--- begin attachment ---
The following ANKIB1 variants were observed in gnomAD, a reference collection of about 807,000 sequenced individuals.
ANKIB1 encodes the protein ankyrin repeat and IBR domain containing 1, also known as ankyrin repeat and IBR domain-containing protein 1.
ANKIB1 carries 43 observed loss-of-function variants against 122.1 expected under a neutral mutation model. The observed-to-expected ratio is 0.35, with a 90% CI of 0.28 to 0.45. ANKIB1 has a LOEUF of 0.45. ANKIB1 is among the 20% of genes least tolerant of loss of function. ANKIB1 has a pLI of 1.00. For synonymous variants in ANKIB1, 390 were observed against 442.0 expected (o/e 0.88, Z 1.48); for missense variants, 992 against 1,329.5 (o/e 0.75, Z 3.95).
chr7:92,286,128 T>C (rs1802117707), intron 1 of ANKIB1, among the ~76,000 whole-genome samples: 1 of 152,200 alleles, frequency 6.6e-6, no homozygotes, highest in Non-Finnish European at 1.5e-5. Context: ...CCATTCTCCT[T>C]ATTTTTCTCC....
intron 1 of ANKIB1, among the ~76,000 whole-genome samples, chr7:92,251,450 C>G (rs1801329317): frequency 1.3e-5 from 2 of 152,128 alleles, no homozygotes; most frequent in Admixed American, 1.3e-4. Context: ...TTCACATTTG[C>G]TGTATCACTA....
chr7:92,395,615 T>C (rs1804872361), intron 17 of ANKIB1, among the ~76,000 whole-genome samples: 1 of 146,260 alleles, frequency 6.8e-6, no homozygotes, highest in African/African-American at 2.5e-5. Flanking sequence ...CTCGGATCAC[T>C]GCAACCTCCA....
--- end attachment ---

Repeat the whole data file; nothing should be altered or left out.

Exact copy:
The following ANKIB1 variants were observed in gnomAD, a reference collection of about 807,000 sequenced individuals.
ANKIB1 encodes the protein ankyrin repeat and IBR domain containing 1, also known as ankyrin repeat and IBR domain-containing protein 1.
ANKIB1 carries 43 observed loss-of-function variants against 122.1 expected under a neutral mutation model. The observed-to-expected ratio is 0.35, with a 90% CI of 0.28 to 0.45. ANKIB1 has a LOEUF of 0.45. ANKIB1 is among the 20% of genes least tolerant of loss of function. ANKIB1 has a pLI of 1.00. For synonymous variants in ANKIB1, 390 were observed against 442.0 expected (o/e 0.88, Z 1.48); for missense variants, 992 against 1,329.5 (o/e 0.75, Z 3.95).
chr7:92,286,128 T>C (rs1802117707), intron 1 of ANKIB1, among the ~76,000 whole-genome samples: 1 of 152,200 alleles, frequency 6.6e-6, no homozygotes, highest in Non-Finnish European at 1.5e-5. Context: ...CCATTCTCCT[T>C]ATTTTTCTCC....
intron 1 of ANKIB1, among the ~76,000 whole-genome samples, chr7:92,251,450 C>G (rs1801329317): frequency 1.3e-5 from 2 of 152,128 alleles, no homozygotes; most frequent in Admixed American, 1.3e-4. Context: ...TTCACATTTG[C>G]TGTATCACTA....
chr7:92,395,615 T>C (rs1804872361), intron 17 of ANKIB1, among the ~76,000 whole-genome samples: 1 of 146,260 alleles, frequency 6.8e-6, no homozygotes, highest in African/African-American at 2.5e-5. Flanking sequence ...CTCGGATCAC[T>C]GCAACCTCCA....